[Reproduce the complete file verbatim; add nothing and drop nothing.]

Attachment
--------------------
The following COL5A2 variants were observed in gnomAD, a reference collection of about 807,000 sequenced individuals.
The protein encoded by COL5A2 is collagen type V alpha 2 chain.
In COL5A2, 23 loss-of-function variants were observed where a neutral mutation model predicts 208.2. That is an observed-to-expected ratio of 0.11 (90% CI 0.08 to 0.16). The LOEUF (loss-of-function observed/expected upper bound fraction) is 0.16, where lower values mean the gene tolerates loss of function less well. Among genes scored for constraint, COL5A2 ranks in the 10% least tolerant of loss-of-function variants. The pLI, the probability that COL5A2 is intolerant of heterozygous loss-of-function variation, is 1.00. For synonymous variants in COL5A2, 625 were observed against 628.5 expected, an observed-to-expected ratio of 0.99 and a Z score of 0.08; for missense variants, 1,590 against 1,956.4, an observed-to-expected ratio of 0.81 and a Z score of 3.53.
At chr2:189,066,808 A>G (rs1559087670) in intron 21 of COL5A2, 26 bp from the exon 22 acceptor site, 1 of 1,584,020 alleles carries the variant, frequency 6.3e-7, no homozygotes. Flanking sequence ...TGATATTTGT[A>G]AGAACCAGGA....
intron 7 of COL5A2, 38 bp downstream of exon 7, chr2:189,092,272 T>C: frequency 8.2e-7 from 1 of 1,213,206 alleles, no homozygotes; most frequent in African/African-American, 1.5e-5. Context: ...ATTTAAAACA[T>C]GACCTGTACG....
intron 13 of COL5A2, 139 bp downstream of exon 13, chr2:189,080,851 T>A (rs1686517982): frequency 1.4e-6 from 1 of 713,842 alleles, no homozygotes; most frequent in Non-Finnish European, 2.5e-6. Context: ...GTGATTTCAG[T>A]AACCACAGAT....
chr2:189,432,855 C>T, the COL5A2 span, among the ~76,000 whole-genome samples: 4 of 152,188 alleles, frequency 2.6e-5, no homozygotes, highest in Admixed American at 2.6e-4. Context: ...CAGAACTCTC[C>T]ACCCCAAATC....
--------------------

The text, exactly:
The following COL5A2 variants were observed in gnomAD, a reference collection of about 807,000 sequenced individuals.
The protein encoded by COL5A2 is collagen type V alpha 2 chain.
In COL5A2, 23 loss-of-function variants were observed where a neutral mutation model predicts 208.2. That is an observed-to-expected ratio of 0.11 (90% CI 0.08 to 0.16). The LOEUF (loss-of-function observed/expected upper bound fraction) is 0.16, where lower values mean the gene tolerates loss of function less well. Among genes scored for constraint, COL5A2 ranks in the 10% least tolerant of loss-of-function variants. The pLI, the probability that COL5A2 is intolerant of heterozygous loss-of-function variation, is 1.00. For synonymous variants in COL5A2, 625 were observed against 628.5 expected, an observed-to-expected ratio of 0.99 and a Z score of 0.08; for missense variants, 1,590 against 1,956.4, an observed-to-expected ratio of 0.81 and a Z score of 3.53.
At chr2:189,066,808 A>G (rs1559087670) in intron 21 of COL5A2, 26 bp from the exon 22 acceptor site, 1 of 1,584,020 alleles carries the variant, frequency 6.3e-7, no homozygotes. Flanking sequence ...TGATATTTGT[A>G]AGAACCAGGA....
intron 7 of COL5A2, 38 bp downstream of exon 7, chr2:189,092,272 T>C: frequency 8.2e-7 from 1 of 1,213,206 alleles, no homozygotes; most frequent in African/African-American, 1.5e-5. Context: ...ATTTAAAACA[T>C]GACCTGTACG....
intron 13 of COL5A2, 139 bp downstream of exon 13, chr2:189,080,851 T>A (rs1686517982): frequency 1.4e-6 from 1 of 713,842 alleles, no homozygotes; most frequent in Non-Finnish European, 2.5e-6. Context: ...GTGATTTCAG[T>A]AACCACAGAT....
chr2:189,432,855 C>T, the COL5A2 span, among the ~76,000 whole-genome samples: 4 of 152,188 alleles, frequency 2.6e-5, no homozygotes, highest in Admixed American at 2.6e-4. Context: ...CAGAACTCTC[C>T]ACCCCAAATC....